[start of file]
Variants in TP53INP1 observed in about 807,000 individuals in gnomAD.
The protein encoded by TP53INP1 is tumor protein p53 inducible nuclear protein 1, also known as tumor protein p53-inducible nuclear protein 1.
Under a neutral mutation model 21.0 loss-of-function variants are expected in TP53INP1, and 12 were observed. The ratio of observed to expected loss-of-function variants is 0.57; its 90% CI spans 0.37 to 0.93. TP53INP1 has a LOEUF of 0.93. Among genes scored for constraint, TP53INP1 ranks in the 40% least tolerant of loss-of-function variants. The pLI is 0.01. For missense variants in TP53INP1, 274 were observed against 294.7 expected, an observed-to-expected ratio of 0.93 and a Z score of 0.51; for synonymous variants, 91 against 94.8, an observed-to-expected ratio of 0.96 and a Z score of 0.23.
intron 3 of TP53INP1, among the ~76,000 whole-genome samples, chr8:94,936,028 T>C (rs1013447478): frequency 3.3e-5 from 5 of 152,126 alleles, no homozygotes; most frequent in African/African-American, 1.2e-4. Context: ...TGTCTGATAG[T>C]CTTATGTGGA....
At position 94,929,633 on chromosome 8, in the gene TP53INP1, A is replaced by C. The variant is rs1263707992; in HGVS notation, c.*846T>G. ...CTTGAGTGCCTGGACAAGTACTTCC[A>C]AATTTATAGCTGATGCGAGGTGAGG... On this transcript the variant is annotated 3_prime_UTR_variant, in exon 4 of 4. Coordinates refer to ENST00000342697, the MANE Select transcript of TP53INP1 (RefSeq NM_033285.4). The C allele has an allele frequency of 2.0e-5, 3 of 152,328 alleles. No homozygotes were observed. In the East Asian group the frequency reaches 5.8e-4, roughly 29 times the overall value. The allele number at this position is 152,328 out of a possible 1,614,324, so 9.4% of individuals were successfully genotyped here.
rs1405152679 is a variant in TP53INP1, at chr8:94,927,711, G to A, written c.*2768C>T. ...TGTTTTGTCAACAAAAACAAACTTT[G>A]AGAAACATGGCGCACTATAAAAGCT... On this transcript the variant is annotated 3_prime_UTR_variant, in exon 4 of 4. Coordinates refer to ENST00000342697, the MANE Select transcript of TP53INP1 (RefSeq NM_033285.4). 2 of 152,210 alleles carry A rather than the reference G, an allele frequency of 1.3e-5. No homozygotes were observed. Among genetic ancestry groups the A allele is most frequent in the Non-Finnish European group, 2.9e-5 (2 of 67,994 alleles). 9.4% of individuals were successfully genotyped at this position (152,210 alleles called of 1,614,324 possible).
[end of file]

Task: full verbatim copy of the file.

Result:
Variants in TP53INP1 observed in about 807,000 individuals in gnomAD.
The protein encoded by TP53INP1 is tumor protein p53 inducible nuclear protein 1, also known as tumor protein p53-inducible nuclear protein 1.
Under a neutral mutation model 21.0 loss-of-function variants are expected in TP53INP1, and 12 were observed. The ratio of observed to expected loss-of-function variants is 0.57; its 90% CI spans 0.37 to 0.93. TP53INP1 has a LOEUF of 0.93. Among genes scored for constraint, TP53INP1 ranks in the 40% least tolerant of loss-of-function variants. The pLI is 0.01. For missense variants in TP53INP1, 274 were observed against 294.7 expected, an observed-to-expected ratio of 0.93 and a Z score of 0.51; for synonymous variants, 91 against 94.8, an observed-to-expected ratio of 0.96 and a Z score of 0.23.
intron 3 of TP53INP1, among the ~76,000 whole-genome samples, chr8:94,936,028 T>C (rs1013447478): frequency 3.3e-5 from 5 of 152,126 alleles, no homozygotes; most frequent in African/African-American, 1.2e-4. Context: ...TGTCTGATAG[T>C]CTTATGTGGA....
At position 94,929,633 on chromosome 8, in the gene TP53INP1, A is replaced by C. The variant is rs1263707992; in HGVS notation, c.*846T>G. ...CTTGAGTGCCTGGACAAGTACTTCC[A>C]AATTTATAGCTGATGCGAGGTGAGG... On this transcript the variant is annotated 3_prime_UTR_variant, in exon 4 of 4. Coordinates refer to ENST00000342697, the MANE Select transcript of TP53INP1 (RefSeq NM_033285.4). The C allele has an allele frequency of 2.0e-5, 3 of 152,328 alleles. No homozygotes were observed. In the East Asian group the frequency reaches 5.8e-4, roughly 29 times the overall value. The allele number at this position is 152,328 out of a possible 1,614,324, so 9.4% of individuals were successfully genotyped here.
rs1405152679 is a variant in TP53INP1, at chr8:94,927,711, G to A, written c.*2768C>T. ...TGTTTTGTCAACAAAAACAAACTTT[G>A]AGAAACATGGCGCACTATAAAAGCT... On this transcript the variant is annotated 3_prime_UTR_variant, in exon 4 of 4. Coordinates refer to ENST00000342697, the MANE Select transcript of TP53INP1 (RefSeq NM_033285.4). 2 of 152,210 alleles carry A rather than the reference G, an allele frequency of 1.3e-5. No homozygotes were observed. Among genetic ancestry groups the A allele is most frequent in the Non-Finnish European group, 2.9e-5 (2 of 67,994 alleles). 9.4% of individuals were successfully genotyped at this position (152,210 alleles called of 1,614,324 possible).